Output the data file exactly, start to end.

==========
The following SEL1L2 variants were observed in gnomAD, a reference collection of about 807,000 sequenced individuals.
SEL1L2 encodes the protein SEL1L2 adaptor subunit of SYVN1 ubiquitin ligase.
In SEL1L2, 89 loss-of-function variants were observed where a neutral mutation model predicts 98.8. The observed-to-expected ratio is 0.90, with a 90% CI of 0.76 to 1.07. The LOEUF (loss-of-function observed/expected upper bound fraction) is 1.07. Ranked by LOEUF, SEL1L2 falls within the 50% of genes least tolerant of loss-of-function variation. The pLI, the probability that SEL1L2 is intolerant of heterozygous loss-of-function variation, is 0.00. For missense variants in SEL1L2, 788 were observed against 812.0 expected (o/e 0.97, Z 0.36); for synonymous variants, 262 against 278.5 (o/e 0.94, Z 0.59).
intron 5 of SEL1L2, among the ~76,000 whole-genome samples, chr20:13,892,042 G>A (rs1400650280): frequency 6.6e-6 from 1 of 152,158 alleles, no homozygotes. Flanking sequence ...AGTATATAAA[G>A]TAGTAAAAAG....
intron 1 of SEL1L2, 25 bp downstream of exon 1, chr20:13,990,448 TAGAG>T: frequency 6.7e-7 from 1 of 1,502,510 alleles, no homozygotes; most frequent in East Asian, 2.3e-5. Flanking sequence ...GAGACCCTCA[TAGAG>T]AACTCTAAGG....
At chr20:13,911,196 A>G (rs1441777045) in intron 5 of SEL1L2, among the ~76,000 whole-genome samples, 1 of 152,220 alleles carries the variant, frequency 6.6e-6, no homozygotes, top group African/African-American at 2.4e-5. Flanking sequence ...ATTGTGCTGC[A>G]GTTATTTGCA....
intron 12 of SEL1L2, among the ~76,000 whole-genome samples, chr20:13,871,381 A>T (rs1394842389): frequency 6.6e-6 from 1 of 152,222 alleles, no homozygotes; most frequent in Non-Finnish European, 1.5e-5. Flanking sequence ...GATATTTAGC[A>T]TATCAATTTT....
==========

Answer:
The following SEL1L2 variants were observed in gnomAD, a reference collection of about 807,000 sequenced individuals.
SEL1L2 encodes the protein SEL1L2 adaptor subunit of SYVN1 ubiquitin ligase.
In SEL1L2, 89 loss-of-function variants were observed where a neutral mutation model predicts 98.8. The observed-to-expected ratio is 0.90, with a 90% CI of 0.76 to 1.07. The LOEUF (loss-of-function observed/expected upper bound fraction) is 1.07. Ranked by LOEUF, SEL1L2 falls within the 50% of genes least tolerant of loss-of-function variation. The pLI, the probability that SEL1L2 is intolerant of heterozygous loss-of-function variation, is 0.00. For missense variants in SEL1L2, 788 were observed against 812.0 expected (o/e 0.97, Z 0.36); for synonymous variants, 262 against 278.5 (o/e 0.94, Z 0.59).
intron 5 of SEL1L2, among the ~76,000 whole-genome samples, chr20:13,892,042 G>A (rs1400650280): frequency 6.6e-6 from 1 of 152,158 alleles, no homozygotes. Flanking sequence ...AGTATATAAA[G>A]TAGTAAAAAG....
intron 1 of SEL1L2, 25 bp downstream of exon 1, chr20:13,990,448 TAGAG>T: frequency 6.7e-7 from 1 of 1,502,510 alleles, no homozygotes; most frequent in East Asian, 2.3e-5. Flanking sequence ...GAGACCCTCA[TAGAG>T]AACTCTAAGG....
At chr20:13,911,196 A>G (rs1441777045) in intron 5 of SEL1L2, among the ~76,000 whole-genome samples, 1 of 152,220 alleles carries the variant, frequency 6.6e-6, no homozygotes, top group African/African-American at 2.4e-5. Flanking sequence ...ATTGTGCTGC[A>G]GTTATTTGCA....
intron 12 of SEL1L2, among the ~76,000 whole-genome samples, chr20:13,871,381 A>T (rs1394842389): frequency 6.6e-6 from 1 of 152,222 alleles, no homozygotes; most frequent in Non-Finnish European, 1.5e-5. Flanking sequence ...GATATTTAGC[A>T]TATCAATTTT....